Meeting At Menin Gate: The Troubles drama that may be too hard for some audiences to sit through
The producers of a new play depicting the aftermath of the Troubles for victims and survivors have predicted audiences may walk out in protest.
Belfast playwright Martin Lynch has chosen to tackle the deeply divisive issue of how to deal with Northern Ireland's troubled legacy in his latest play, Meeting At Menin Gate.
The production, which opened at the Mac in Belfast this week, explores the "tense" outcome when a Protestant woman confronts a former republican involved in her father's murder.
It is based on a true story.
While politicians have been wrestling with the issue of victims, the play faces the impact of living with the past head on.
Mr Lynch called his play "a good audit of where we are today", while director Matt Torney said that he believed the play's tense second half might prove too much for the audience, causing them to walk out.
"I know that some people won't like us for reflecting the view of the perpetrator," said Mr Lynch about his first play since his award-winning Chronicles Of Long Kesh.
"In this play, we have made the so-called perpetrator human as well. We look at his story, where he came from, how and why he picked up a gun and what were the driving forces behind his decision to shoot people. Was he bored or did someone beat him up in the street? What's his real motivation for doing this?."
Lynch has worked on the production for the last two years but got the initial idea for it about eight years ago from a trip to Ypres, Belgium, to visit World War One battle sites.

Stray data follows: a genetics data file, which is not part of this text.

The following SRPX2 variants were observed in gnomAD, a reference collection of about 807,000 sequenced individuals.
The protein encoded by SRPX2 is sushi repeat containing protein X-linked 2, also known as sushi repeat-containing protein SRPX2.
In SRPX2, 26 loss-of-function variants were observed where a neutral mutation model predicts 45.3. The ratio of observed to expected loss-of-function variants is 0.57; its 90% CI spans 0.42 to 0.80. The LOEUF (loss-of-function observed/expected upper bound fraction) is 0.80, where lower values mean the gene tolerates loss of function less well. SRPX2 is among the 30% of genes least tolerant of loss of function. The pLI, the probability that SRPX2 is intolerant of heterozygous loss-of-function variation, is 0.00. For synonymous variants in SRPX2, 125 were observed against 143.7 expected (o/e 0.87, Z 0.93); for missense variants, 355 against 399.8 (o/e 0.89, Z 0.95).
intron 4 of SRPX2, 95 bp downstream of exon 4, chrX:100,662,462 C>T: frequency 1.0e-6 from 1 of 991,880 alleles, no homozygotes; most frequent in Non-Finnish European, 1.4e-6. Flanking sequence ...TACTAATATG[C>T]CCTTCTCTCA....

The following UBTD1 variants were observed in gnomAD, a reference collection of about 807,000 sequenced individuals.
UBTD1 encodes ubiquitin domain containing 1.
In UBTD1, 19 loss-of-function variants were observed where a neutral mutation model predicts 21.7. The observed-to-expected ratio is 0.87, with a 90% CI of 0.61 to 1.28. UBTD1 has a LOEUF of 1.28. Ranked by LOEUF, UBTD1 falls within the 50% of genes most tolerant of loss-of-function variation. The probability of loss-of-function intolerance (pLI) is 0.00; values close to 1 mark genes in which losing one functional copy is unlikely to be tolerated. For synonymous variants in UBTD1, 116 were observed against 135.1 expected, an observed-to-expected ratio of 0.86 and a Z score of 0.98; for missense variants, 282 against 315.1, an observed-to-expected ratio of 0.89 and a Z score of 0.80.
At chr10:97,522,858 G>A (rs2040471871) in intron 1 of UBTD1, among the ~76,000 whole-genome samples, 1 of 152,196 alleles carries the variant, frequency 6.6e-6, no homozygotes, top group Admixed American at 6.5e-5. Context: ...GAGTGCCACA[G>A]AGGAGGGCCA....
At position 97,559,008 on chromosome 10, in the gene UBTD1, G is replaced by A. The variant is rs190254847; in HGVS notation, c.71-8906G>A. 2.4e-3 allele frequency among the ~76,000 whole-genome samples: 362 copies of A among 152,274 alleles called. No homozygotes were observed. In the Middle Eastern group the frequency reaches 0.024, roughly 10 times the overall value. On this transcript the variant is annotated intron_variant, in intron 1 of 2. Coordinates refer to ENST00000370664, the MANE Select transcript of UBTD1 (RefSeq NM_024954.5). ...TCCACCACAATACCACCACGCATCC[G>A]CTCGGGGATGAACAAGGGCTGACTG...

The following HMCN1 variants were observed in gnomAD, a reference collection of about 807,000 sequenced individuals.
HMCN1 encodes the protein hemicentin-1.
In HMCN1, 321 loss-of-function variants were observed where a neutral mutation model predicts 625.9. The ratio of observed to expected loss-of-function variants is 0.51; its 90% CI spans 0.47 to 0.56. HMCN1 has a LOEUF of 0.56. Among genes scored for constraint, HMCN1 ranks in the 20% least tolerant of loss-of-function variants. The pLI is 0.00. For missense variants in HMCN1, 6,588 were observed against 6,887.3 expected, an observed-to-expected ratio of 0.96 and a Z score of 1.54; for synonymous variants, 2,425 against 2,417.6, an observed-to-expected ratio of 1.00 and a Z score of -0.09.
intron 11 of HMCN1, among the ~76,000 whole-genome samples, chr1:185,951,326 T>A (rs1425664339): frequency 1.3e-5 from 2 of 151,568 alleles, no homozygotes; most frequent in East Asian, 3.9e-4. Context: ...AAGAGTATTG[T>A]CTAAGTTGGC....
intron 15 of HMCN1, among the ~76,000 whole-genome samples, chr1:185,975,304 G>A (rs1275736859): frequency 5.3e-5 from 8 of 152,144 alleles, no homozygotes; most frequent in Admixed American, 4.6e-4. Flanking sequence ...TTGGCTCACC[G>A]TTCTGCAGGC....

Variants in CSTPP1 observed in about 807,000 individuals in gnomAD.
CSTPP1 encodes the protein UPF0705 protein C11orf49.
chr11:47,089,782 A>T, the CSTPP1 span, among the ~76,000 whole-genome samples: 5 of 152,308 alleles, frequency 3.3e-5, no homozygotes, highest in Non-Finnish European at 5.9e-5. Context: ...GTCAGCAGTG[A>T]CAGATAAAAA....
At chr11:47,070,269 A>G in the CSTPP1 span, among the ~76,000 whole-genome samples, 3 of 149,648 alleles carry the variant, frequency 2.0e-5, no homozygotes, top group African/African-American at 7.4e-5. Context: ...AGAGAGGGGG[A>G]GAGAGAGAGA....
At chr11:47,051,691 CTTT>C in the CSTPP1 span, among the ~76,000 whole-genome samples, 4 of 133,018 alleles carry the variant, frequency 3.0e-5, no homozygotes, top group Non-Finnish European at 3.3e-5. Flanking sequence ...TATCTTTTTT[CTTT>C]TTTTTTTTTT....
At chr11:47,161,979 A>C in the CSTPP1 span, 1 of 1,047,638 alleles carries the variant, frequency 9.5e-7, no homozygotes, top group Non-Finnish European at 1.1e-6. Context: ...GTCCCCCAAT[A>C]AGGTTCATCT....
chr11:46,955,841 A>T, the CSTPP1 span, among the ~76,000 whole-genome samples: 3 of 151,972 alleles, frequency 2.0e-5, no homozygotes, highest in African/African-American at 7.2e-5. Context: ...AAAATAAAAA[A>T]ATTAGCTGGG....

While gathered to take part at the moving Menin Gate Last Post ceremony at Ypres, a Protestant woman meets a republican man on the same trip, which leads to a brief romance.
In the play, Liz, a Protestant nurse played by Andrea Irvine, confronts Terry, an ex-IRA man played by James Doran, about his involvement in her father's murder.
But in the real-life incident, Mr Lynch revealed that once the woman found out about her boyfriend's past it was too much for her and she chose to leave the trip and return home.
"This issue is raging at Stormont at the moment as they can't even agree what a victim is, never mind decide whether Northern Ireland should have a Truth Commission.
"It's a very real debate with very divided and strong views from both sides," said Mr Lynch.
"But what we can do in the theatre, if someone has been really hurt, we can say that out loud in the most dramatic and personal and human way.
"While the play has been inspired by real life, I have completely changed all the story details. It's not actually anyone's individual exact story."
He emphasised that despite the dark second half of the play, there was plenty of "Ulster craic and humour" in the first act and added: "I know people will see this as controversial but let them come along and see the play and judge for themselves."
Martin Lynch's new play Meeting At Menin Gate is said to be the final instalment of The Ulster Trilogy series which explore the state of Northern Ireland today. Presented by Green Shoot Productions, Sam Millar's Brothers In Arms looked at the views of republican dissidents while Ron Hutchinson's Paisley And Me examined the loyalist position post-conflict. The new play deals with the issue of victims and survivors. The play opened at the Mac, Belfast, this week and runs until September 21. It will later be touring throughout Northern Ireland.